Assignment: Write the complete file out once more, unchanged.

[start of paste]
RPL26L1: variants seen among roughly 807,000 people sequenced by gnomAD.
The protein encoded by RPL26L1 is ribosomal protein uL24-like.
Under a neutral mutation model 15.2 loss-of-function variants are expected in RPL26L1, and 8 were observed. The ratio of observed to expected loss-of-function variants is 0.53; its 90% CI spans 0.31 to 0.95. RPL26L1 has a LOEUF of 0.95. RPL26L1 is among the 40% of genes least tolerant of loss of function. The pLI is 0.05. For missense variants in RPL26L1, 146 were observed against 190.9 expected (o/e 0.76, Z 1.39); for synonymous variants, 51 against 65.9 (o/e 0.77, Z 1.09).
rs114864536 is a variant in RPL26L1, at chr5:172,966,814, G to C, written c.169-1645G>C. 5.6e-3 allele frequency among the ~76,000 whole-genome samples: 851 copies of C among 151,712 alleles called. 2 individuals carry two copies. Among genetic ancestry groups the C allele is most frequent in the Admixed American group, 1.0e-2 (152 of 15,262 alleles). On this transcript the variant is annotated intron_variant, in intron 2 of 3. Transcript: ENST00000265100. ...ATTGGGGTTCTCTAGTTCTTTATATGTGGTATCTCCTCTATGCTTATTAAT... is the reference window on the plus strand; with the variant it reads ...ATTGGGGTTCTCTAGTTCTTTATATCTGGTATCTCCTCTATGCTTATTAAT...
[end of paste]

RPL26L1: variants seen among roughly 807,000 people sequenced by gnomAD.
The protein encoded by RPL26L1 is ribosomal protein uL24-like.
Under a neutral mutation model 15.2 loss-of-function variants are expected in RPL26L1, and 8 were observed. The ratio of observed to expected loss-of-function variants is 0.53; its 90% CI spans 0.31 to 0.95. RPL26L1 has a LOEUF of 0.95. RPL26L1 is among the 40% of genes least tolerant of loss of function. The pLI is 0.05. For missense variants in RPL26L1, 146 were observed against 190.9 expected (o/e 0.76, Z 1.39); for synonymous variants, 51 against 65.9 (o/e 0.77, Z 1.09).
rs114864536 is a variant in RPL26L1, at chr5:172,966,814, G to C, written c.169-1645G>C. 5.6e-3 allele frequency among the ~76,000 whole-genome samples: 851 copies of C among 151,712 alleles called. 2 individuals carry two copies. Among genetic ancestry groups the C allele is most frequent in the Admixed American group, 1.0e-2 (152 of 15,262 alleles). On this transcript the variant is annotated intron_variant, in intron 2 of 3. Transcript: ENST00000265100. ...ATTGGGGTTCTCTAGTTCTTTATATGTGGTATCTCCTCTATGCTTATTAAT... is the reference window on the plus strand; with the variant it reads ...ATTGGGGTTCTCTAGTTCTTTATATCTGGTATCTCCTCTATGCTTATTAAT...